Metaphysical Doubts & Practical Evaluations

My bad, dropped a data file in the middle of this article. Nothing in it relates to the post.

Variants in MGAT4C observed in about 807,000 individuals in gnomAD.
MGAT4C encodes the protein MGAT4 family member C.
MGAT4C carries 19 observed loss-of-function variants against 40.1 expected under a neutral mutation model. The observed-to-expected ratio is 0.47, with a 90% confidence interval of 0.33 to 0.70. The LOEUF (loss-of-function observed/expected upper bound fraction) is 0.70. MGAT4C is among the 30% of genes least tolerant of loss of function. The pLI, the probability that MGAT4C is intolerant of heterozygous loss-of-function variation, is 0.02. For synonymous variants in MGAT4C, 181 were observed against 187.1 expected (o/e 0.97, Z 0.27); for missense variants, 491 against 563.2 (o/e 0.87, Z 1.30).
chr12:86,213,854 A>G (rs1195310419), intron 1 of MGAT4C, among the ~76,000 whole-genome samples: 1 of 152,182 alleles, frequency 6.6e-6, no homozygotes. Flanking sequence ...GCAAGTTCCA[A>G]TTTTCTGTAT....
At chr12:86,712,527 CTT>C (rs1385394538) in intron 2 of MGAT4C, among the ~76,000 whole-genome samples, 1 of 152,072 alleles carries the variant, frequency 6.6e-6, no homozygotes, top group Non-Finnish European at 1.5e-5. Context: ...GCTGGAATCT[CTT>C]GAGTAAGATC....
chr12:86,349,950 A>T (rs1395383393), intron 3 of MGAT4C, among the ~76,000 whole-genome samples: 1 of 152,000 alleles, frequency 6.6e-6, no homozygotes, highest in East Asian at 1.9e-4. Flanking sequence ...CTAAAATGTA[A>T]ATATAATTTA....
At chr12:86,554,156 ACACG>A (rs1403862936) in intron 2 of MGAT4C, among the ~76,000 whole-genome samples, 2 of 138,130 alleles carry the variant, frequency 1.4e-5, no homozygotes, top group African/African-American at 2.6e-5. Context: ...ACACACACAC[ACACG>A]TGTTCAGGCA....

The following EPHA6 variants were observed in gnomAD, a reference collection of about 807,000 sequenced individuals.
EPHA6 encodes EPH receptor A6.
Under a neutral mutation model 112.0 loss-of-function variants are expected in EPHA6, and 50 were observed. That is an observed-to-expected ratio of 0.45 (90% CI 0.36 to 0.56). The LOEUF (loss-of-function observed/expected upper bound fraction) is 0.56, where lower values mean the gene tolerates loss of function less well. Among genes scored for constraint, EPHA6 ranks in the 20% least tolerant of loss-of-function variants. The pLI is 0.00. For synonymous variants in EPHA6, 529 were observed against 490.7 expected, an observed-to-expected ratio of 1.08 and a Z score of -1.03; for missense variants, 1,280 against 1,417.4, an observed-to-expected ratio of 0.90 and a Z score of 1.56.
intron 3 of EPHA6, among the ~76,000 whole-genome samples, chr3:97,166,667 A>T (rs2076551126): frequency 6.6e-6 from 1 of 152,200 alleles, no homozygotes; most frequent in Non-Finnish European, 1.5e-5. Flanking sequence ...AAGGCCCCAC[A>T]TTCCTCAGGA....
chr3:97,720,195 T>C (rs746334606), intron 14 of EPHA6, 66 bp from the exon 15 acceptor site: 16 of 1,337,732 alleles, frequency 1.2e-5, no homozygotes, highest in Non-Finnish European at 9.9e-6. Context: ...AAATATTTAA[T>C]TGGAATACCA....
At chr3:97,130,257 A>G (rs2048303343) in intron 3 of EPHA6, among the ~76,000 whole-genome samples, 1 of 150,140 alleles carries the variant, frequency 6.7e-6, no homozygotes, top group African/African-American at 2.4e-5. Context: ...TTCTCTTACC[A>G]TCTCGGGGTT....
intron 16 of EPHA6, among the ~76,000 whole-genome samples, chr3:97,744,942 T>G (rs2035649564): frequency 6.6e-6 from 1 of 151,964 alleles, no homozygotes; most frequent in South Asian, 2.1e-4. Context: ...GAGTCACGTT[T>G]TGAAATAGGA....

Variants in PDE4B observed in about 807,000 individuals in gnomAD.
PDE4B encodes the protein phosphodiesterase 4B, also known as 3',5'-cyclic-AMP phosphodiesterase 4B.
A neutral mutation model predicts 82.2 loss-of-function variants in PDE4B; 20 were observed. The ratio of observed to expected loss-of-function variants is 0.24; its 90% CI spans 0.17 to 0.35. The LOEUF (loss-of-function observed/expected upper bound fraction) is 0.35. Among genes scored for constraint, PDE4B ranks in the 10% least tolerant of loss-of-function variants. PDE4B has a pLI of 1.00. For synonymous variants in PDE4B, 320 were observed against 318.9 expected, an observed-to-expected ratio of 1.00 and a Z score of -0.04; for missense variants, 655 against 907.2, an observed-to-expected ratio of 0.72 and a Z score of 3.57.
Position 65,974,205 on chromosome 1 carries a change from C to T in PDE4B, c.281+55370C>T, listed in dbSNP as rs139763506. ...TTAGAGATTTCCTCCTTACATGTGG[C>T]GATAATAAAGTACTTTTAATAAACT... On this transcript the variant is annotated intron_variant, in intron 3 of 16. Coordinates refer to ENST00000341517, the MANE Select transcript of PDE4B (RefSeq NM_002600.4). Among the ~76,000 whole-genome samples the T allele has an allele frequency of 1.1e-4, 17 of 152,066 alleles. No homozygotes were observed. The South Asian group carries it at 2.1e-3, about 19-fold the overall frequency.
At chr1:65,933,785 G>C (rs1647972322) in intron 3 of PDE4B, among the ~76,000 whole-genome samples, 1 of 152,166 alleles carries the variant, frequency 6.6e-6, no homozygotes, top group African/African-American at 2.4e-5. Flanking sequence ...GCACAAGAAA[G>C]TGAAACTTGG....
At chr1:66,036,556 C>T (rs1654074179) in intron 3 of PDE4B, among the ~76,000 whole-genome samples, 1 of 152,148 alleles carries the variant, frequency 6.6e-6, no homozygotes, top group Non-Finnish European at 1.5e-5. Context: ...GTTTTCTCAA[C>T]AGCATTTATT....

often, there are no formal philosophical work-arounds, especially when reality, at its margins, confronts us with epistemic, ontic and semantic vagueness, which some, perhaps in their inability to tolerate ambiguity or because of their anxiety when presented with paradox, try to overcome with metaphysics, saying more than we can possibly know, telling untellable stories and, finally, proving too much ergo, when analyzing a concept, for example, zygote, in order to determine whether or not it successfully refers to an ontologically identical reality as some other concept, for example, person, one must analyze --- not only the relevant descriptions of both concepts, but also --- the evaluations, norms and interpretations that a community of value-realizers uses when pragmatically cashing out each concept's value (iow, observing how this society actually behaves in all contexts toward that reality to which the concept is alleged to refer) this might better take us beyond the confusion introduced by the false essentialism-nominalism dichotomy, which arises both from the conflation of logical and efficient causation (e.g. sorite paradox) and from the weak modeling powers of our competing metaphysics (static vs dynamic, substance vs process), where a vague phenomenology of emergence will otherwise suffice to account for reality's dis/continuities and novelty, where a pragmatic semiotic realism might, at least, help further reduce the conceptually meaningless to the patently absurd (not a wholly formal philosophy, i know, but it must often do because, tutttutt, it looks like a reign of uncertainty) toward such ends, Hartshorne's notion of 'nonstrict identity' contributes much value, seems to me See Hartshorne, Metaphysics and The Law of Moderation by Daniel Dombrowski at http://www.religion-online.org/showarticle.asp?title=2833

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